16. Structure-Activity Relationships for Rates of Aromatic Amine Oxidation by Manganese Dioxide.

    Salter-Blanc, Alexandra J; Bylaska, Eric J; Lyon, Molly A; Ness, Stuart C; Tratnyek, Paul G

    2016-05-17

    New energetic compounds are designed to minimize their potential environmental impacts, which includes their transformation and the fate and effects of their transformation products. The nitro groups of energetic compounds are readily reduced to amines, and the resulting aromatic amines are subject to oxidation and coupling reactions. Manganese dioxide (MnO2) is a common environmental oxidant and model system for kinetic studies of aromatic amine oxidation. In this study, a training set of new and previously reported kinetic data for the oxidation of model and energetic-derived aromatic amines was assembled and subjected to correlation analysis against descriptor variables that ranged from general purpose [Hammett σ constants (σ(-)), pKas of the amines, and energies of the highest occupied molecular orbital (EHOMO)] to specific for the likely rate-limiting step [one-electron oxidation potentials (Eox)]. The selection of calculated descriptors (pKa, EHOMO, and Eox) was based on validation with experimental data. All of the correlations gave satisfactory quantitative structure-activity relationships (QSARs), but they improved with the specificity of the descriptor. The scope of correlation analysis was extended beyond MnO2 to include literature data on aromatic amine oxidation by other environmentally relevant oxidants (ozone, chlorine dioxide, and phosphate and carbonate radicals) by correlating relative rate constants (normalized to 4-chloroaniline) to EHOMO (calculated with a modest level of theory).

  17. Structure-Activity Relationships for Rates of Aromatic Amine Oxidation by Manganese Dioxide

    Salter-Blanc, Alexandra J.; Lyon, Molly A.; Science University, Portland, OR; Ness, Stuart C.; Science University, Portland, OR; Tratnyek, Paul G.; Science University, Portland, OR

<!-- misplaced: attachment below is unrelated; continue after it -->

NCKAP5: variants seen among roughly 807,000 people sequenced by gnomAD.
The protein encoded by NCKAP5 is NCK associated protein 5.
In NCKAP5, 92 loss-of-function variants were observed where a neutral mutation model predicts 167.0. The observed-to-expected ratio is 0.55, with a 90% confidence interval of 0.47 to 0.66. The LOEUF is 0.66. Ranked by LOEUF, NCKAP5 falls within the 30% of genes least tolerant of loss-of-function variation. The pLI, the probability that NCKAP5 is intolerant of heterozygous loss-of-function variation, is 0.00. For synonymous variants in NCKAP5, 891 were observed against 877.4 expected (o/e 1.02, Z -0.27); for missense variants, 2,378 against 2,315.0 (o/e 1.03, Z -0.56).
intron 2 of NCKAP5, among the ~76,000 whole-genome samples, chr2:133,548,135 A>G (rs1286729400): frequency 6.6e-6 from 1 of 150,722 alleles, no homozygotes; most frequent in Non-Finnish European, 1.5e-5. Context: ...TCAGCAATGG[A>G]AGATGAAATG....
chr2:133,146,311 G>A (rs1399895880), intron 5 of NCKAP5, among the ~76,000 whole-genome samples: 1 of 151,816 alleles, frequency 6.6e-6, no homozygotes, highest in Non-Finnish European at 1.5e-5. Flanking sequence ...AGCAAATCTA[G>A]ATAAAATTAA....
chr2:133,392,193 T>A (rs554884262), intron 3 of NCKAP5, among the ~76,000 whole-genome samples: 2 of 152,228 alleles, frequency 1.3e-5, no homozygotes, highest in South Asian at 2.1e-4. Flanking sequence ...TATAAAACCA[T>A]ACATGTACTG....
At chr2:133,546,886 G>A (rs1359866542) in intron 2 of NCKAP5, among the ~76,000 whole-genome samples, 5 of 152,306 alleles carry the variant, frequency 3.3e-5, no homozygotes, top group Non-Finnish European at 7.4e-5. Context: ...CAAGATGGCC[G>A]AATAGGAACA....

2016-01-01

    New energetic compounds are designed to minimize their potential environmental impacts, which includes their transformation and the fate and effects of their transformation products. The nitro groups of energetic compounds are readily reduced to amines, and the resulting aromatic amines are subject to oxidation and coupling reactions. Manganese dioxide (MnO 2 ) is a common environmental oxidant and model system for kinetic studies of aromatic amine oxidation. Here in this study, a training set of new and previously reported kinetic data for the oxidation of model and energetic-derived aromatic amines was assembled and subjected to correlation analysis against descriptor variables that ranged from general purpose [Hammett σ constants (σ − ), pK a s of the amines, and energies of the highest occupied molecular orbital (E HOMO )] to specific for the likely rate-limiting step [one-electron oxidation potentials (E ox )]. The selection of calculated descriptors (pK a ), E HOMO , and E ox ) was based on validation with experimental data. All of the correlations gave satisfactory quantitative structure-activity relationships (QSARs), but they improved with the specificity of the descriptor. The scope of correlation analysis was extended beyond MnO 2 to include literature data on aromatic amine oxidation by other environmentally relevant oxidants (ozone, chlorine dioxide, and phosphate and carbonate radicals) by correlating relative rate constants (normalized to 4-chloroaniline) to E HOMO (calculated with a modest level of theory).